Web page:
Category Archives: Wet Plate Photography

Wet Plate Prepping

Salted Collodion

Salted Collodion

Woke up this morning and mixed a fresh batch of collodion for shooting some plates. I had just enough dyethel ether left to mix 600 ml.  Once I got it all mixed, I added about 50 ml of my old collodion to the mix, capped it off and put it in my chemical cooler to age for a week.  I am hoping that time and weather allows for me to do some test shots next week end!

In the mean time, I have some work to do my newest camera.  10″ x 12″ Vageeswari field camera (Vag for short). This camera was built specifically for plate photography. While it is, generally, in good shape; I have to replace a couple missing screws and make some plate inserts so that I can shoot in different sizes other than 10′ x 12′. I am really excited and can not wait to shoot some plates with this camera. As a side note, I named the camera Celeste (After a Project Pitchfork song).

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Another workshop comes to a close.

Over the last weekend, I provided the space for Dale Bernstein to teach one of his Wet Plate Collodion workshops. It was a good time had by all! I am very happy to say that my studio smells of ether and lavender right now.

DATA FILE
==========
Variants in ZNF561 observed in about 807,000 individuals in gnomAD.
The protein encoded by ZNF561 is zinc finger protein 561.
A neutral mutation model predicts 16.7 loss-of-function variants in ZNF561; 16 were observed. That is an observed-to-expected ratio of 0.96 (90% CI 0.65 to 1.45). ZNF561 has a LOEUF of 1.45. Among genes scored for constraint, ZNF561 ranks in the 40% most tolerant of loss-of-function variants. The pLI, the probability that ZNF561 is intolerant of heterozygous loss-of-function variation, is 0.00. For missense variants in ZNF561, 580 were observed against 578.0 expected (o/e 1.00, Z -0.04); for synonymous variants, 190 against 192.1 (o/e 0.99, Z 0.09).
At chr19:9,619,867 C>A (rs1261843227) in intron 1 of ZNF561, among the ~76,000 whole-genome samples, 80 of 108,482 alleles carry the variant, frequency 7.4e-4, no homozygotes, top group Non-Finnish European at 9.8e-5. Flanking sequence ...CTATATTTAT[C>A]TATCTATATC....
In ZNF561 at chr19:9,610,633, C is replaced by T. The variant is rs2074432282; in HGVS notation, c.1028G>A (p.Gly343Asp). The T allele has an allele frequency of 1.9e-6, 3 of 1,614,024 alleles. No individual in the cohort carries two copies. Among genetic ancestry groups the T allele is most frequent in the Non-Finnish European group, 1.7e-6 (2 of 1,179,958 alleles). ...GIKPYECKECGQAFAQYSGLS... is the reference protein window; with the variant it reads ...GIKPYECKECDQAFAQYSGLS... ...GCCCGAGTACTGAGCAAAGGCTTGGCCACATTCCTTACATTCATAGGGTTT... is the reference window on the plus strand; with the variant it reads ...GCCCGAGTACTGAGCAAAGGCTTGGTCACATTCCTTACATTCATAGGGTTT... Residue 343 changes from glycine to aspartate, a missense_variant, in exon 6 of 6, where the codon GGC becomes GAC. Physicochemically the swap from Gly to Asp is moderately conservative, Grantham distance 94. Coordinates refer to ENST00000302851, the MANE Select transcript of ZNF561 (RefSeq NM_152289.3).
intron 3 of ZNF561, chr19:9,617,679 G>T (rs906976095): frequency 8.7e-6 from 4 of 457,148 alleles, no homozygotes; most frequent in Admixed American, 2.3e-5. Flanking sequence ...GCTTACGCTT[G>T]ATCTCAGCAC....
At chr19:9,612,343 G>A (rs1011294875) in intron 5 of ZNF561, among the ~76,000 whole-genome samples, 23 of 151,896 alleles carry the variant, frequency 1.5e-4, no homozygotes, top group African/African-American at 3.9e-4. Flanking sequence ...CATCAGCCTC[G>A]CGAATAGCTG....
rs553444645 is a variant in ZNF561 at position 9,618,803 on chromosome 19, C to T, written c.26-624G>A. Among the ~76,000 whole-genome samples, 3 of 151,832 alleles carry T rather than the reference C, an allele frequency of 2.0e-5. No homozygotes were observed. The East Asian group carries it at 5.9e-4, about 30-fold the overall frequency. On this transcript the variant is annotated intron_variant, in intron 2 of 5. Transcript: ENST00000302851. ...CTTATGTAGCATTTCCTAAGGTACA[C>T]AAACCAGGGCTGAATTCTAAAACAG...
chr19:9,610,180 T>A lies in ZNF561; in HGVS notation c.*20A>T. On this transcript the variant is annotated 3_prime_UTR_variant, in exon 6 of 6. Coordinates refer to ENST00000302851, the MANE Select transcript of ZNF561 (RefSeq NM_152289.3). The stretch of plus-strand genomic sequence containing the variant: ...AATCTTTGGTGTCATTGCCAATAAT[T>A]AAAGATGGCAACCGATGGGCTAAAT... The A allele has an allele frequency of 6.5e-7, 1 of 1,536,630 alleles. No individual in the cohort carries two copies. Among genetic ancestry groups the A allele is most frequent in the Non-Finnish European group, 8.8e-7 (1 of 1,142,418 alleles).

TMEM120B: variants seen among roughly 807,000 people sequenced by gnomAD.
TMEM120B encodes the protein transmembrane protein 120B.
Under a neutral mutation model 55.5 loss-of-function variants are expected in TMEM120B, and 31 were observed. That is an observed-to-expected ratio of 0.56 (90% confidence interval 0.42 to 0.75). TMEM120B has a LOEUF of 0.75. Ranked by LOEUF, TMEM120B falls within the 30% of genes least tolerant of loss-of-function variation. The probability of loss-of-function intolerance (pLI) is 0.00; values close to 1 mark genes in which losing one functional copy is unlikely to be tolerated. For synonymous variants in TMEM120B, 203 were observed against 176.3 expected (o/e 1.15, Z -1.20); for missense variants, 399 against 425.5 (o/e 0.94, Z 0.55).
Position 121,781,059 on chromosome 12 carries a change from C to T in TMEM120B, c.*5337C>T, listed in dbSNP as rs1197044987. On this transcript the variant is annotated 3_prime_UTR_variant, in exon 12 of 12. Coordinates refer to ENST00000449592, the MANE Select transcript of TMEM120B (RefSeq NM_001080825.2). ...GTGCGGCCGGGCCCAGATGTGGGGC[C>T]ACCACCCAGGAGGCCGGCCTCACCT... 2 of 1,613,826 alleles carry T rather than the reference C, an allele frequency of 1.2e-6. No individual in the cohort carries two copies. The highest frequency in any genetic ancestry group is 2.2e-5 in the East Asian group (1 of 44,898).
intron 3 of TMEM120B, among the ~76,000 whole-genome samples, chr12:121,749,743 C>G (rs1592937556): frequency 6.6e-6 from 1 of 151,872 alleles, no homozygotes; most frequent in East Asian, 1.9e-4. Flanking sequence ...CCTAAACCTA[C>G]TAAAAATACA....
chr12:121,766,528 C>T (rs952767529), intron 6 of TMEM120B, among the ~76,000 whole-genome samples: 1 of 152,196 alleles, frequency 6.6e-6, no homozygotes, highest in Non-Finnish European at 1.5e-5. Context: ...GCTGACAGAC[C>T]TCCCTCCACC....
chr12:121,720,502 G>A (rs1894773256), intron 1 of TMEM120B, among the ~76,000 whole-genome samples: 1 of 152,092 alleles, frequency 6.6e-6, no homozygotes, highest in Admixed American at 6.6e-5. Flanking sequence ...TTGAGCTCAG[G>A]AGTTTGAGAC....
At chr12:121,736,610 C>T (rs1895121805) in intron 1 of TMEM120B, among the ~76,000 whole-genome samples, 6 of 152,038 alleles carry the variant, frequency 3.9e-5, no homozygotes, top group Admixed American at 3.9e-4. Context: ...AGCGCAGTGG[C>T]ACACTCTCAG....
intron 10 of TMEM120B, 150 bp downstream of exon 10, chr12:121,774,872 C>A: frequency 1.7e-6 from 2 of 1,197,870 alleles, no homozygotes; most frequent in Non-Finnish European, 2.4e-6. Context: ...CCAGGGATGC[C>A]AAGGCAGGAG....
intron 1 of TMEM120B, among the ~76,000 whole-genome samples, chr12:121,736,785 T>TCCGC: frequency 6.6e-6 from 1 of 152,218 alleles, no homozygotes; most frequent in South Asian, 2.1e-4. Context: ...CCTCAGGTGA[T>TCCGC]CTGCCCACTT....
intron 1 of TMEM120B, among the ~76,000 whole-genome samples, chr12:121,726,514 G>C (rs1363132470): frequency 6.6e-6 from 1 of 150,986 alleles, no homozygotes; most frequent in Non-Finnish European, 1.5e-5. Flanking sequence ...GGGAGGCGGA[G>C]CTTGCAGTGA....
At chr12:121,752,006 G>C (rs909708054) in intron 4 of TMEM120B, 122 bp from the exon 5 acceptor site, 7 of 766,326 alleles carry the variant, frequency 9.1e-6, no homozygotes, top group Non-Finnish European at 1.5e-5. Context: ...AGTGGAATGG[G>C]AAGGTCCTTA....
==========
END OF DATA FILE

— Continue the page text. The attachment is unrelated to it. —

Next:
During the workshop, I managed to shoot a couple of test plates with my Panolga™ (Panoramic Holga) and I am very pleased with the results.  There was not enough light to shoot hand held but the proof of concept was a portable solution to take to the parks when I do not feel like lugging the large format gear around.

35 second exposure Tin Type

35 second exposure Tin Type

8 Second Exposure Tinetype

8 Second Exposure Tin Type

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Tintypes and Junk

1426177_736490876380951_478322056_nEarlier this month I had a weekend of wet plate love. I did run into two problems that, combined, created a feeling of create frustration The symptom of these problems was a plate with only hints of am image.

No matter how well or bad things go with shooting plates, it is still a labor of love. You never know if the photography gods are shining down on you, or if your are just inhaling too much ether. In the end, it keeps me off the streets at night; And that is definitely a good thing.

Problem 1: Exposure

Up to  this point, I have been using my Graflex with it’s original lens to shoot plates.  On this day, I decided to break out my Omega 45d with a much newer Rodenstock lens. The problem here is that the new lens has a coating on it that blocks a lot of UV light, which wet plate is sensitive to. This alone took my from 5 second exposures (on the Graflex) to 7 minute exposures with the newer equipment.

Problem 2: Developer

I had just run out of developer and needed to make some more. Jody Ake had a neat recipe that I thought I would try. Iron Sulfate, Vinegar and Sugar in proper proportions. Unfortunately, I added too much iron sulfate; This made the developer too aggressive and thus ate away at the image. To correct, I added small amount of glacial acetic acid to restrain the developer and that did the trick.